Excited: Raspberry Pi gets free Mathematica + Wolfram language

I was very excited at our CBM summit this morning with Eben Upton to announce that Mathematica will be bundled on the Raspberry Pi computer for free, and so will the new Wolfram Language--also announced today.


This really has at least 4-dimensions of consequence:

Firstly, it's a unique way to excite students about maths by marrying it up with coding. Coders will be able to use the power of Mathematica's maths out of the box, not only enriching what they can do but also showing off the power and importance of maths. Attaching maths to something already enjoyable to make it better and more enjoyable I think will be very encouraging in learning more maths. And you never know, politicians and policy-makers might even start to see the connection between coding, maths and fun--rather as I outlined in an earlier blogpost

Secondly, it's cheap. For $25 + some bits and pieces, you can be up and running. One reason I was excited to be able to announce this today is because we've been hosted UNICEF's building for our summit and I think we'll have a great solution for maths, coding and CBM in developing countries.

Thirdly, this is the first pass of the Wolfram language. For years it's been lurking under the umbrella of Mathematica, a key aspect not only of our technology stack but the framework, even our symbolic way of thinking about structuring ideas. And because Wolfram Language is multi-paradigm it's a great early language to learn because it avoids students getting into thinking of everything as best expressed in one structure or other. This all complements Raspberry Pi and its goals very well and so it's nice that our first manifestation of Wolfram Language is there. Others will follow.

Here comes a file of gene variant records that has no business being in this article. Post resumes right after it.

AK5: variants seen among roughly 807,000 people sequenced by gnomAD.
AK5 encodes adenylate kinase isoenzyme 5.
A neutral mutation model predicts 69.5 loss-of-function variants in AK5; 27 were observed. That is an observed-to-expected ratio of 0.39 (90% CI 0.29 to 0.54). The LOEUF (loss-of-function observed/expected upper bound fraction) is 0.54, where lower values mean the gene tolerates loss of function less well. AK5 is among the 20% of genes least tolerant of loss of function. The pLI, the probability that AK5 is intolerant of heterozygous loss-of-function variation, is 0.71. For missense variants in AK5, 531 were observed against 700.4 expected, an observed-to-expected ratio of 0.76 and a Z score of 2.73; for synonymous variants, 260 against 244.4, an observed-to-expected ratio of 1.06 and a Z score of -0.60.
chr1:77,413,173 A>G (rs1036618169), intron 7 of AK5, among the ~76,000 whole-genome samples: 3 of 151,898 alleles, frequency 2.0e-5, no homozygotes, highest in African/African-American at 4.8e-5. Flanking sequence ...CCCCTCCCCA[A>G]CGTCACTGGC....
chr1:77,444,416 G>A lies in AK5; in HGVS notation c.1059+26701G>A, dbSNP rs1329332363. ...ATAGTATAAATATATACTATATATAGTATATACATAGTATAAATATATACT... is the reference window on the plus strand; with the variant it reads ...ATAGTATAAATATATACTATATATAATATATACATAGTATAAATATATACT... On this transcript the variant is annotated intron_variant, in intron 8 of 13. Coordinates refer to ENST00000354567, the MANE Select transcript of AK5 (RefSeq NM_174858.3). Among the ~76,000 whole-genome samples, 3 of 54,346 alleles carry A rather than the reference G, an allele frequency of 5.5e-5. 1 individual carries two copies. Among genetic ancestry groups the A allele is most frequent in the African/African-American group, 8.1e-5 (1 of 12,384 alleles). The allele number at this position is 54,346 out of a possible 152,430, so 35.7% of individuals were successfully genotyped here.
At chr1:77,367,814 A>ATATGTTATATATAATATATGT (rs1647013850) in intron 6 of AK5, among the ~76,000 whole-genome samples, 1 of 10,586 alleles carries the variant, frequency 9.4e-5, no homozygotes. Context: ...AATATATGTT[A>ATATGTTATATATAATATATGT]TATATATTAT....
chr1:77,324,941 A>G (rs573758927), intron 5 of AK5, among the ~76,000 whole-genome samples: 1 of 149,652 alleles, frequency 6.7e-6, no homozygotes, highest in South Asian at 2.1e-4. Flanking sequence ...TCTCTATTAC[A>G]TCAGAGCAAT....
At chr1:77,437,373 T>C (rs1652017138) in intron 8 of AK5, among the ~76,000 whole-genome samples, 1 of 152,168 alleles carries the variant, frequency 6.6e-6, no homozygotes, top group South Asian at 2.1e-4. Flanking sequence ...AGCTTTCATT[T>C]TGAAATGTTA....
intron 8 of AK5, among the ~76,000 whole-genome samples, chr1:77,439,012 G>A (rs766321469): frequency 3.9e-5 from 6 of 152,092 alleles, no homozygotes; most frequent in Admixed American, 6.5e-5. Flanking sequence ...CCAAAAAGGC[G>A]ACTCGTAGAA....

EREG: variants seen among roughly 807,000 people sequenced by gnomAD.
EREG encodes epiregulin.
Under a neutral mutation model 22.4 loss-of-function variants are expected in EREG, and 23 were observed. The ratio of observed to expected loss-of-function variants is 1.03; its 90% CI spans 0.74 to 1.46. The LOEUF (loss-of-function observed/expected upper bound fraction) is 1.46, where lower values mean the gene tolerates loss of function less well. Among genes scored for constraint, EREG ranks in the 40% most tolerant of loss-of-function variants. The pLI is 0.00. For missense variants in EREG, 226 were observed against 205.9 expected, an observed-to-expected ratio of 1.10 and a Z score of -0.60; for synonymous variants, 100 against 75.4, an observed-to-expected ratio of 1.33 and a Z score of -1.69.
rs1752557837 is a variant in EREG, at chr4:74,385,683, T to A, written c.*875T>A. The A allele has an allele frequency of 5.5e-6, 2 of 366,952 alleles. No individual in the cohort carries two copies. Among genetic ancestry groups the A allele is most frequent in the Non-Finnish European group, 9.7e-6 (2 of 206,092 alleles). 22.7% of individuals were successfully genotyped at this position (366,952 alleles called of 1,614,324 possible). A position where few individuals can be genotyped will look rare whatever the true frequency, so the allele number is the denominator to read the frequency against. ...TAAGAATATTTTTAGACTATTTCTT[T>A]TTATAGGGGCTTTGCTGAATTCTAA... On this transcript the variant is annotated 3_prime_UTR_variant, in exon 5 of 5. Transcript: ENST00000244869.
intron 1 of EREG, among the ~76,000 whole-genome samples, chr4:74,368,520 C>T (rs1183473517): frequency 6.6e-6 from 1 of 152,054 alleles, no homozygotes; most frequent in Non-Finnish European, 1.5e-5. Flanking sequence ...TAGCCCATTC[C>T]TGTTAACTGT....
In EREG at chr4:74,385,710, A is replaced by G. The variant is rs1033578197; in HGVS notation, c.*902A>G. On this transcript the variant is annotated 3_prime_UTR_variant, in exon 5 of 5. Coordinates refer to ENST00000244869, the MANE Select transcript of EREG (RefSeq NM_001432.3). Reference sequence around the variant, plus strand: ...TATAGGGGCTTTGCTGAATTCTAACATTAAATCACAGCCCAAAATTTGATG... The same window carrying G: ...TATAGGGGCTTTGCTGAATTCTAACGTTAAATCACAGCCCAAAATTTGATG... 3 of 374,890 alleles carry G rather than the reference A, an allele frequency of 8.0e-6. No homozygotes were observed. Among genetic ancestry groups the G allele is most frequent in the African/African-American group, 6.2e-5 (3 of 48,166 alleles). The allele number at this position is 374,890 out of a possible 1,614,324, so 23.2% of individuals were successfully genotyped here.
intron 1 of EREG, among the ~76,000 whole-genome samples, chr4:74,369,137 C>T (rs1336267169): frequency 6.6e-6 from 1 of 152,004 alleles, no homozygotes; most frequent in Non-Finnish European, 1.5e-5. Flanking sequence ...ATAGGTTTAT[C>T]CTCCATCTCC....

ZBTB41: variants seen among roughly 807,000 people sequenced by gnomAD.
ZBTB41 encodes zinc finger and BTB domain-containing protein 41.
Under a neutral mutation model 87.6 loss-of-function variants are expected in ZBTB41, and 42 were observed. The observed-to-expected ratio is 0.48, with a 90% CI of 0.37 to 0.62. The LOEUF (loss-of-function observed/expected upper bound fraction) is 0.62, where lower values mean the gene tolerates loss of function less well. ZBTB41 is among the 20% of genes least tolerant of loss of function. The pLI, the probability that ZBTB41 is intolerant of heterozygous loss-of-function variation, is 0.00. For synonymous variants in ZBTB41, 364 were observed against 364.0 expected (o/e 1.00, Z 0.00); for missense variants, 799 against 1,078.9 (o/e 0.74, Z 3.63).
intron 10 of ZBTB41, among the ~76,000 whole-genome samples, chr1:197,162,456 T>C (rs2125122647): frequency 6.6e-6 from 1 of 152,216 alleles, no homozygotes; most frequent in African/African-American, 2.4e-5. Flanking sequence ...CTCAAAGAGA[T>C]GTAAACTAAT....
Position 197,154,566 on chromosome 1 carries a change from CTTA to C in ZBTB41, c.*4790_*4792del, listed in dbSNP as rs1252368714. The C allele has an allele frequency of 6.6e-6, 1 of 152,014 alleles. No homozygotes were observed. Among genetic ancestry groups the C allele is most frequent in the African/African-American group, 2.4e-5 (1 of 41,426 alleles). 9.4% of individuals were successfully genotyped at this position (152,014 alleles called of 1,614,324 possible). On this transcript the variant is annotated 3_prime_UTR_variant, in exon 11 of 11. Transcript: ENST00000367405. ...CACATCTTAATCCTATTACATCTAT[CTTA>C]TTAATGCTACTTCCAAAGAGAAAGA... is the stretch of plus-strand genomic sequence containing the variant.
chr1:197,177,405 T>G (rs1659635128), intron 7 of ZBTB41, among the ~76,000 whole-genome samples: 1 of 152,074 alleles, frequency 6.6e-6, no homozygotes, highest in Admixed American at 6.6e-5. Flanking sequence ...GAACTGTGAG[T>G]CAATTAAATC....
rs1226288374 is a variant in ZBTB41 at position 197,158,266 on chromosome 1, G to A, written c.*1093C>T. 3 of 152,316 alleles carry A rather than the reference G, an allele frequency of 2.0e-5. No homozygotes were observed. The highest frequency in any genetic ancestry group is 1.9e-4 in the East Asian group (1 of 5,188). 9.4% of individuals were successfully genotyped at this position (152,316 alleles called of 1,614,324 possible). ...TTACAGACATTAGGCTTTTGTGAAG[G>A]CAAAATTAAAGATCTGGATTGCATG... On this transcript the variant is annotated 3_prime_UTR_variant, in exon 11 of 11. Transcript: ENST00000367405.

Fourthly, it's simply amazing that Mathematica and Wolfram language can run on something as small and cheap as Raspberry Pi. Yes, by modern desktop PC standards it can be a little clunky, but functionally it's all there--all the thousands of functions (even including my show-off special function HypergeometricPFQRegularized[ ]!). One further consequence: because Raspberry Pi is small and cheap enough to act as an embedded computer, we for the first time we have a quick-to-deploy yet full-power embedded solution.

Really looking forward to seeing what the world's students (and their tinkering parents!) come up with with this new super-combo and how it can help to drive CBM forward.

P.S. This rather completes our fruity announcements for the moment--from Apple to Blackberry to Raspberry Pi (though not as my daughter keeps calling it the Apple Pi).